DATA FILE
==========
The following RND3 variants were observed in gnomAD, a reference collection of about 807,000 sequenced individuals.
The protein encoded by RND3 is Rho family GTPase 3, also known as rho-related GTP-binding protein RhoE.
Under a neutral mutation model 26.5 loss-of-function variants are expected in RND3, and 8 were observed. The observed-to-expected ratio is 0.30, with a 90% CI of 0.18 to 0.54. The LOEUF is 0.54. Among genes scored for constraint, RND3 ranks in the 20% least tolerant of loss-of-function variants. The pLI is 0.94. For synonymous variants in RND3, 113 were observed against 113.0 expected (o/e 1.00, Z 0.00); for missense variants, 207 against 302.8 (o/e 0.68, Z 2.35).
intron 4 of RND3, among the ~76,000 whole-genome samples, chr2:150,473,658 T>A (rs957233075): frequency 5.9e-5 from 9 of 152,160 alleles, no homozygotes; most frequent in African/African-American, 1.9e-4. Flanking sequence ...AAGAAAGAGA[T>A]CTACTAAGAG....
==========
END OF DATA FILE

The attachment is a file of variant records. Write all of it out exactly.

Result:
The following RND3 variants were observed in gnomAD, a reference collection of about 807,000 sequenced individuals.
The protein encoded by RND3 is Rho family GTPase 3, also known as rho-related GTP-binding protein RhoE.
Under a neutral mutation model 26.5 loss-of-function variants are expected in RND3, and 8 were observed. The observed-to-expected ratio is 0.30, with a 90% CI of 0.18 to 0.54. The LOEUF is 0.54. Among genes scored for constraint, RND3 ranks in the 20% least tolerant of loss-of-function variants. The pLI is 0.94. For synonymous variants in RND3, 113 were observed against 113.0 expected (o/e 1.00, Z 0.00); for missense variants, 207 against 302.8 (o/e 0.68, Z 2.35).
intron 4 of RND3, among the ~76,000 whole-genome samples, chr2:150,473,658 T>A (rs957233075): frequency 5.9e-5 from 9 of 152,160 alleles, no homozygotes; most frequent in African/African-American, 1.9e-4. Flanking sequence ...AAGAAAGAGA[T>A]CTACTAAGAG....